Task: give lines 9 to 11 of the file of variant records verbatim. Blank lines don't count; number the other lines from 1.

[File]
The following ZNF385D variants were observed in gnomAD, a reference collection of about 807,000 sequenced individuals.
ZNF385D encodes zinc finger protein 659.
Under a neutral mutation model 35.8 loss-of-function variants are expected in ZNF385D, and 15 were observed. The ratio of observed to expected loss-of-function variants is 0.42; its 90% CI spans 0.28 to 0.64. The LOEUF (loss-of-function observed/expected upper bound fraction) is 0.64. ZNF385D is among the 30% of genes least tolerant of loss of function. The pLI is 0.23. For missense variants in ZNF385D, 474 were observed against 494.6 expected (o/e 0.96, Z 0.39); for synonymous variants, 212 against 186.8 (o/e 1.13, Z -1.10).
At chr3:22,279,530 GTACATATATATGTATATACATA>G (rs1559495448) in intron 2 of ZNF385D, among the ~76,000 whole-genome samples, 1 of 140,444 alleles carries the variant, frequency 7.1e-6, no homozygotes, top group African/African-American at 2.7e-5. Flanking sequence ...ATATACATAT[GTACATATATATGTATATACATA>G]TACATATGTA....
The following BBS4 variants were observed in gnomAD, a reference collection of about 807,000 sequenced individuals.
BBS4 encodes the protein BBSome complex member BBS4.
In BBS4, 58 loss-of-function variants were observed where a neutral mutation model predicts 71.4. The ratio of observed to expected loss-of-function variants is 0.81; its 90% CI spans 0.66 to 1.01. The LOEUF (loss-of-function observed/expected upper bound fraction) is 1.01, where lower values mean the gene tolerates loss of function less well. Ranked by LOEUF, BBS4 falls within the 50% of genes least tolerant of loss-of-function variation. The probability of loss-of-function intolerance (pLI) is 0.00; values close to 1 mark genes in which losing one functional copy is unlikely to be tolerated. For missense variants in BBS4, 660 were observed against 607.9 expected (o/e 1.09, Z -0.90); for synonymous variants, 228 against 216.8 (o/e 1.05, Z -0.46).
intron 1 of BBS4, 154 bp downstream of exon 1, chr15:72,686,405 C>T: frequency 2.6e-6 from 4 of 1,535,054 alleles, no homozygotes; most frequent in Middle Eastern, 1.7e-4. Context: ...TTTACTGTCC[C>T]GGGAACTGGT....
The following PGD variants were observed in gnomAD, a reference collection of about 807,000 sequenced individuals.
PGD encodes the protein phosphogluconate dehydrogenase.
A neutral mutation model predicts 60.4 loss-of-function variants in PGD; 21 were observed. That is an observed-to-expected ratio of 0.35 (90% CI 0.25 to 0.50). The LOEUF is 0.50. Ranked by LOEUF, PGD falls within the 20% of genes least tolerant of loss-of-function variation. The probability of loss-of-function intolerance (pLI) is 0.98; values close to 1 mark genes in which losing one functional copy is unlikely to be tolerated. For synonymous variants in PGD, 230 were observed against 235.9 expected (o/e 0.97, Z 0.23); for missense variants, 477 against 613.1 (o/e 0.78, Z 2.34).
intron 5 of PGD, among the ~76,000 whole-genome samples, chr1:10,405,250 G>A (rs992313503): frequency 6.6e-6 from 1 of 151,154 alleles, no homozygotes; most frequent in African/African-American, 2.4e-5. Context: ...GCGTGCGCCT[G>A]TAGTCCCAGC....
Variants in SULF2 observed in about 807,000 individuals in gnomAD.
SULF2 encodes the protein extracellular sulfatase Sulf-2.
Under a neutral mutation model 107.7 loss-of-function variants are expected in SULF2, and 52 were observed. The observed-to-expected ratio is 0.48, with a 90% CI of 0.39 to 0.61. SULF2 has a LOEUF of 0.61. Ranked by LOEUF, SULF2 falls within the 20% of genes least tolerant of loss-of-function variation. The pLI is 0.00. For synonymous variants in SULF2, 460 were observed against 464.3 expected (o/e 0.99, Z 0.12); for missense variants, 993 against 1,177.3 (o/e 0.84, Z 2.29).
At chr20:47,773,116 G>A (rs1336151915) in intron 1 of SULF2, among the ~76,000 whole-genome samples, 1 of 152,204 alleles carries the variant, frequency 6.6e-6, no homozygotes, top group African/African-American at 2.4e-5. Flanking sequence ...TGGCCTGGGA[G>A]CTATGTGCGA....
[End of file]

The following PGD variants were observed in gnomAD, a reference collection of about 807,000 sequenced individuals.
PGD encodes the protein phosphogluconate dehydrogenase.
A neutral mutation model predicts 60.4 loss-of-function variants in PGD; 21 were observed. That is an observed-to-expected ratio of 0.35 (90% CI 0.25 to 0.50). The LOEUF is 0.50. Ranked by LOEUF, PGD falls within the 20% of genes least tolerant of loss-of-function variation. The probability of loss-of-function intolerance (pLI) is 0.98; values close to 1 mark genes in which losing one functional copy is unlikely to be tolerated. For synonymous variants in PGD, 230 were observed against 235.9 expected (o/e 0.97, Z 0.23); for missense variants, 477 against 613.1 (o/e 0.78, Z 2.34).